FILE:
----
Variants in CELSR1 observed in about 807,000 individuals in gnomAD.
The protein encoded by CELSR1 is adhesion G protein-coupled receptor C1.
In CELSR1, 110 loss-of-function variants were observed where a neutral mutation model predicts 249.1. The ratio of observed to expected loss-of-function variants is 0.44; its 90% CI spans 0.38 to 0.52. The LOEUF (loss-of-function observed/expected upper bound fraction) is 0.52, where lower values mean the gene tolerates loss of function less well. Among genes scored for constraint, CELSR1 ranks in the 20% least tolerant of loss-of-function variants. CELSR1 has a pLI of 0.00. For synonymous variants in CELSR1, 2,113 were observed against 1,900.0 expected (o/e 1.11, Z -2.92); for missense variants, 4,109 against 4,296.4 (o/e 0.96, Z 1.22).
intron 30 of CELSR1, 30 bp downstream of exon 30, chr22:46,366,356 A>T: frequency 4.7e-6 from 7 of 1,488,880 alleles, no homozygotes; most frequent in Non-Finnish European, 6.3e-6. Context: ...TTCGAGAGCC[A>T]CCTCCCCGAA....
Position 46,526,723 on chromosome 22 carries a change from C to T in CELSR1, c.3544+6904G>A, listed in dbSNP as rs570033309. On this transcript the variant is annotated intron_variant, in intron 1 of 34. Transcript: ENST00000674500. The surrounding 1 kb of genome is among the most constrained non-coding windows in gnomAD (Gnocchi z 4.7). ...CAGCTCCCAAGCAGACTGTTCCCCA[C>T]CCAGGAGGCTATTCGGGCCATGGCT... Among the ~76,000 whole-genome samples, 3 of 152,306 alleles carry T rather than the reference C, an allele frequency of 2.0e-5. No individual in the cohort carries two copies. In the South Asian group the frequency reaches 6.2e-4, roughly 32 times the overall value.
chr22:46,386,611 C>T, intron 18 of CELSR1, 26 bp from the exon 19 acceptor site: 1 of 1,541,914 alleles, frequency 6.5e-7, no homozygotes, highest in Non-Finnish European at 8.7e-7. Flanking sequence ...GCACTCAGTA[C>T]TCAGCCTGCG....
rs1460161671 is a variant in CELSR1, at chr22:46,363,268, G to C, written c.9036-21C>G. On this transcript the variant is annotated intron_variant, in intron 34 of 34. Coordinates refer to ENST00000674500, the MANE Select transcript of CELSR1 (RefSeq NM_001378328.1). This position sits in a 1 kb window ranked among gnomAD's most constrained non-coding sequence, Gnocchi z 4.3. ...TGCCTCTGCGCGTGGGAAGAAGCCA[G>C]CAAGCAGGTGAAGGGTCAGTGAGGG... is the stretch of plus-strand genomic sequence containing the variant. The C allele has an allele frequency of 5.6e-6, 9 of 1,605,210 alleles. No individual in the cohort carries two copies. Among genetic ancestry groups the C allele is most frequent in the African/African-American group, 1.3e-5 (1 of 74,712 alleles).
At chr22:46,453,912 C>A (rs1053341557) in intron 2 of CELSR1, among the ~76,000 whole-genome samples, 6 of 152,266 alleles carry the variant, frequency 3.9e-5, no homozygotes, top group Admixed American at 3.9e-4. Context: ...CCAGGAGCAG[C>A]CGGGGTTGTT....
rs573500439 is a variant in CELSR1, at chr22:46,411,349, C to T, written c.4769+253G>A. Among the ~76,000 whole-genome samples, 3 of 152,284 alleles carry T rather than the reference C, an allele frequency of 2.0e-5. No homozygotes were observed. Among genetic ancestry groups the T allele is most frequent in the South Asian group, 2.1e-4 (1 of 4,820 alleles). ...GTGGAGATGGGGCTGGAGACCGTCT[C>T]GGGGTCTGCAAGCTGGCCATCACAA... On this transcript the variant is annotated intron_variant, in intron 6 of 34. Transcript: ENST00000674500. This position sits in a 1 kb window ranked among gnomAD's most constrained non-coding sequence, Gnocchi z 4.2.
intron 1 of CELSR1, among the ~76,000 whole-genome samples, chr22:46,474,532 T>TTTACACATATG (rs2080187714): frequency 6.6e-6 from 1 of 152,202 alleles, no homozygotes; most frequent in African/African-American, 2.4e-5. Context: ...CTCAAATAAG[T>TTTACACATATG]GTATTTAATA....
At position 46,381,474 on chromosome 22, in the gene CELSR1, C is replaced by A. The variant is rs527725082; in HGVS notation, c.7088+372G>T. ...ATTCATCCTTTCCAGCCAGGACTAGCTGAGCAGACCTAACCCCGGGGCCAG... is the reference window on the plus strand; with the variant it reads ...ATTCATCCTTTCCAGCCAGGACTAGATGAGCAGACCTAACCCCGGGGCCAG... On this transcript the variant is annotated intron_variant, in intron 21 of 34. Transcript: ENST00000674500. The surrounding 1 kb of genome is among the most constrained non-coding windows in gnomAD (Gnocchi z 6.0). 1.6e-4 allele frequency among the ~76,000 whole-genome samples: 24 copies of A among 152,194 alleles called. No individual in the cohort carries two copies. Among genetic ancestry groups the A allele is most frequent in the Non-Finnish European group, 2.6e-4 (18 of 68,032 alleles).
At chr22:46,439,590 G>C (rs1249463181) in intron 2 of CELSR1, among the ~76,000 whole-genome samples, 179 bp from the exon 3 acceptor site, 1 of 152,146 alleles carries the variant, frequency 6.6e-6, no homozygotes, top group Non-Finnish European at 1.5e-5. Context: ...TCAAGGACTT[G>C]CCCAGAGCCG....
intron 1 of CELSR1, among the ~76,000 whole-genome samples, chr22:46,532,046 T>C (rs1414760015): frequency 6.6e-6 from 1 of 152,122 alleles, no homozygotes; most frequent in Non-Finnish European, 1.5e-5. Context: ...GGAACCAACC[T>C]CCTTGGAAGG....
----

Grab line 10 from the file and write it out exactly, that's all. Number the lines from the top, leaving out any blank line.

intron 1 of CELSR1, among the ~76,000 whole-genome samples, chr22:46,474,532 T>TTTACACATATG (rs2080187714): frequency 6.6e-6 from 1 of 152,202 alleles, no homozygotes; most frequent in African/African-American, 2.4e-5. Context: ...CTCAAATAAG[T>TTTACACATATG]GTATTTAATA....